By: Laura Walton AFC®
When something in our lives is scarce, we tend to focus on it. That focus can be both good and bad.
I frequently catch Shankar Vedantam’s excerpt from his website, Hidden Brain, on NRP. A recent piece on scarcity attracted my attention. In economic terms, scarcity concentrates demand on fewer resources which, in turn, drives up price. In psychology, scarcity concentrates our focus. If something is scarce in our lives, it concentrates our minds, our bandwidth, on what is scarce. It produces tunnel vision.
Shankar talks about scarcity of money. For those in poverty, acquiring the bare necessities becomes the focus which, in part, explains the existence of the pay day loan business model. If you don’t live paycheck to paycheck, it’s hard to understand why you would subject yourself to triple digit interest expense to get an advance on your paycheck. But, for someone with a family and a bare refrigerator, their focus is on food, not interest rates. We know that those punishing interest rates create a viscous cycle that makes it very difficult for the individual to build an emergency fund – the very thing that could break the cycle.
He relates an interesting study showing that we behave differently when resources aren’t scarce. Eldar Shafir, a psychology professor at Princeton, along with Sendhil Mullainathan, an economics professor at Harvard, studied sugarcane farmers in India who are paid just once a year for their harvest. After harvest, they are flush with money. By the time the next harvest comes along, money is scarce. When they are flush, they take the time and energy to engage in practices like weeding that increase their crops over the long-term. By the time the next harvest comes along, they focus only on their immediate needs, just getting by until they are paid.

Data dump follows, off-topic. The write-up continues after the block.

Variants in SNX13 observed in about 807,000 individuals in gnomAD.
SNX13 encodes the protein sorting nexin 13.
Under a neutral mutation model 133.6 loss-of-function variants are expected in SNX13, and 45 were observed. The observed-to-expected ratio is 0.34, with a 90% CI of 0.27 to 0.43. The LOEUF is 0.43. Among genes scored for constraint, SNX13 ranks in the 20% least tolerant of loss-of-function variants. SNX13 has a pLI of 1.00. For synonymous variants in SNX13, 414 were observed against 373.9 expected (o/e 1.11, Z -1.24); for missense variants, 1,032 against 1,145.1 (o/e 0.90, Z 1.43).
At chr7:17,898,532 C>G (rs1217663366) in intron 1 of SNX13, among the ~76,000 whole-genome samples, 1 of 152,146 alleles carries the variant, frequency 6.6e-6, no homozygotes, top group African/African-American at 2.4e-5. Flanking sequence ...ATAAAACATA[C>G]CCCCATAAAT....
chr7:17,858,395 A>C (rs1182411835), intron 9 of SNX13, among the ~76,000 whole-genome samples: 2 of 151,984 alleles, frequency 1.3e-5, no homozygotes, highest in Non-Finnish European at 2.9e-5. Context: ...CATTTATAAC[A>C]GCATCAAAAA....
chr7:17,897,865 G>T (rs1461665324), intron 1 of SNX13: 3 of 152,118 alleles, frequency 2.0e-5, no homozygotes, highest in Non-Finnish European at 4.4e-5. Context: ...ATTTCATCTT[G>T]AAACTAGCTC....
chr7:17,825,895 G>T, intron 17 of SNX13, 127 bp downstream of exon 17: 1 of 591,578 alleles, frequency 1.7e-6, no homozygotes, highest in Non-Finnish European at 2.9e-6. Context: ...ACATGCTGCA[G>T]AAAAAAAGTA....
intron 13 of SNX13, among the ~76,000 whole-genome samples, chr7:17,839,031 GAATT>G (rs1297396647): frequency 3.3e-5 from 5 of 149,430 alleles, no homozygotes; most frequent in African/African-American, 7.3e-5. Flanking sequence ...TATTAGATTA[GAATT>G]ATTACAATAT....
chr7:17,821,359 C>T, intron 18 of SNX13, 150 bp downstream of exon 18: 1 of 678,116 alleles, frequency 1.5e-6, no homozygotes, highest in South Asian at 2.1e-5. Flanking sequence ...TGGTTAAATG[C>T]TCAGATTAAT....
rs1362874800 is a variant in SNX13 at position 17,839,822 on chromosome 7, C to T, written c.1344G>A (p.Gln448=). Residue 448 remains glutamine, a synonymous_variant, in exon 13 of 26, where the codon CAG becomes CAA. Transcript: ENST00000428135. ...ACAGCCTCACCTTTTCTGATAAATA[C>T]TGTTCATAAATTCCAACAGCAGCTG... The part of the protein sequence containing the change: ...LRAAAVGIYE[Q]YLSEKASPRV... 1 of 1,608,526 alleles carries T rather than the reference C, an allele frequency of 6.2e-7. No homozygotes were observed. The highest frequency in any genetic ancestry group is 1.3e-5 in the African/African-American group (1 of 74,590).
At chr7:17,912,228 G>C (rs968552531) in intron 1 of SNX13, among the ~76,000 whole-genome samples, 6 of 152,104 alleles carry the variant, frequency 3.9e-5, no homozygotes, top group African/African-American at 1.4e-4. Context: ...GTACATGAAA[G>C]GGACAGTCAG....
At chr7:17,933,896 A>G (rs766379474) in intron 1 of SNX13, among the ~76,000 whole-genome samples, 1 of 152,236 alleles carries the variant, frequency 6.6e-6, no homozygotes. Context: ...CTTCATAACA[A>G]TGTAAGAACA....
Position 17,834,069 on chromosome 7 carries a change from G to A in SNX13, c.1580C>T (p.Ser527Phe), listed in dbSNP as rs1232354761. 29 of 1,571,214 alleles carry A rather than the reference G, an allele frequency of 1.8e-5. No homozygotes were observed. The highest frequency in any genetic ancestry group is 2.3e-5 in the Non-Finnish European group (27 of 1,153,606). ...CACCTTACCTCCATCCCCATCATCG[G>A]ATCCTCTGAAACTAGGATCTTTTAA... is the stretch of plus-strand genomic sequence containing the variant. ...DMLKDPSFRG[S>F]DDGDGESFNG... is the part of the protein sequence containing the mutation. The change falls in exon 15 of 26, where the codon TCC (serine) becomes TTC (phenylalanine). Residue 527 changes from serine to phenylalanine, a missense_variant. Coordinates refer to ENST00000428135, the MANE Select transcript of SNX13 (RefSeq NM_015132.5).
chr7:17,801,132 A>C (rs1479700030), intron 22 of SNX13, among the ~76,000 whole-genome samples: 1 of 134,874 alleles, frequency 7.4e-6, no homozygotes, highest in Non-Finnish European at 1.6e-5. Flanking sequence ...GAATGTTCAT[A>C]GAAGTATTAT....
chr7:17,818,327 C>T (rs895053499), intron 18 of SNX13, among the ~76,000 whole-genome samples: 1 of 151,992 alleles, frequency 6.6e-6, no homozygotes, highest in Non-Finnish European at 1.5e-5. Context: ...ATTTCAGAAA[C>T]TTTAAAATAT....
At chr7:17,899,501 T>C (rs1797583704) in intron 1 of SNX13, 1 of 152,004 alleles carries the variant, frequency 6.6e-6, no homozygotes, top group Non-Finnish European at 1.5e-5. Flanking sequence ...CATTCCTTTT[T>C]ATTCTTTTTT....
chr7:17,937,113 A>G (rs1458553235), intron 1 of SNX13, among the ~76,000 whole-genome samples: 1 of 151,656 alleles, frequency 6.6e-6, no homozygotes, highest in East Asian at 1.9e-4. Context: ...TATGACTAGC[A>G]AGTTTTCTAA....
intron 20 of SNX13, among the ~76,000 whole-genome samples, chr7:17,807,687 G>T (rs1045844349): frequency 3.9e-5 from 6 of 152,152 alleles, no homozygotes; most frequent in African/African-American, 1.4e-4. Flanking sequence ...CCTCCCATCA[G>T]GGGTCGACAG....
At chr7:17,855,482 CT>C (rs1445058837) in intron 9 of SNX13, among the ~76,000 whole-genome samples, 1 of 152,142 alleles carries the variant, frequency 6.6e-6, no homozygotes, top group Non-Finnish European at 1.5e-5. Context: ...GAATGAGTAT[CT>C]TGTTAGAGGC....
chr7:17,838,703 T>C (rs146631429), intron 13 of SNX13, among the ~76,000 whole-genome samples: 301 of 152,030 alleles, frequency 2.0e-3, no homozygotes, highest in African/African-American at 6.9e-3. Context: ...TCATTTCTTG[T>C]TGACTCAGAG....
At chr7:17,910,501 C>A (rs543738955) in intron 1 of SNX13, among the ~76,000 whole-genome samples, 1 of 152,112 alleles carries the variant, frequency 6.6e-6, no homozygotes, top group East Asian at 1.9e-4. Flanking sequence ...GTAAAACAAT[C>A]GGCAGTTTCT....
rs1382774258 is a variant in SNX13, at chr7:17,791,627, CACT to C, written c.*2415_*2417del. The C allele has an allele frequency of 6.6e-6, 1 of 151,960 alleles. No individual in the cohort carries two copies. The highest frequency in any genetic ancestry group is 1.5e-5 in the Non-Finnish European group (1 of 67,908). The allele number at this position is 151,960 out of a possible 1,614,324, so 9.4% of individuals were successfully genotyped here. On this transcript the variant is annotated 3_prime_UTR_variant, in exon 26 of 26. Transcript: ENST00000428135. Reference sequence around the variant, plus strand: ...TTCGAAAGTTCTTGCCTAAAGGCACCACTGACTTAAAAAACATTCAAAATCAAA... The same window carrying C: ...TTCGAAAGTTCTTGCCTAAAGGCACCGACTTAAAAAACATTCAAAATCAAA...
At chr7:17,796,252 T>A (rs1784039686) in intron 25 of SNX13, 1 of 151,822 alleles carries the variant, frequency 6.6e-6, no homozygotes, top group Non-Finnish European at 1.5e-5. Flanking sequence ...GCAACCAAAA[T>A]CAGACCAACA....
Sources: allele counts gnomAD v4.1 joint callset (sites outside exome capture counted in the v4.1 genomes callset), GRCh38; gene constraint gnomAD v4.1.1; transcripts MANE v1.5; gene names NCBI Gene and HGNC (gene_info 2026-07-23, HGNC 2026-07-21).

And then there’s time – a scarce commodity for all. Shankar related the story of a young doctor so focused on her residency that the rest of her life unraveled. The interesting point here was that, after she addressed her issues by actually scheduling time to do nothing, she became more productive. She says, “Honestly, like, it’s kind of incredible. But at work, my brain has increased its capacity fourfold. I am able to hold so many more things in my consciousness at once and manage them. I’ve just seen a really huge improvement in my ability to enjoy being in the company of others, to enjoy, like, occasions and to enjoy my work and do well at my work.”
Quoting from the article, “Eldar Shafir and Sendhil Mullainathan say they are constantly trying to keep the lessons of scarcity front and center in their own lives. As a busy academic, Eldar has come up with a rule. When an invitation to an event two months down the road comes along, he asks himself whether he would attend the event if it were tomorrow. If the answer is no, he declines the invitation because his life is not going to be any less hectic two months from now.” And so the “Eldar Rule” is born – a good one for all of us to keep in focus.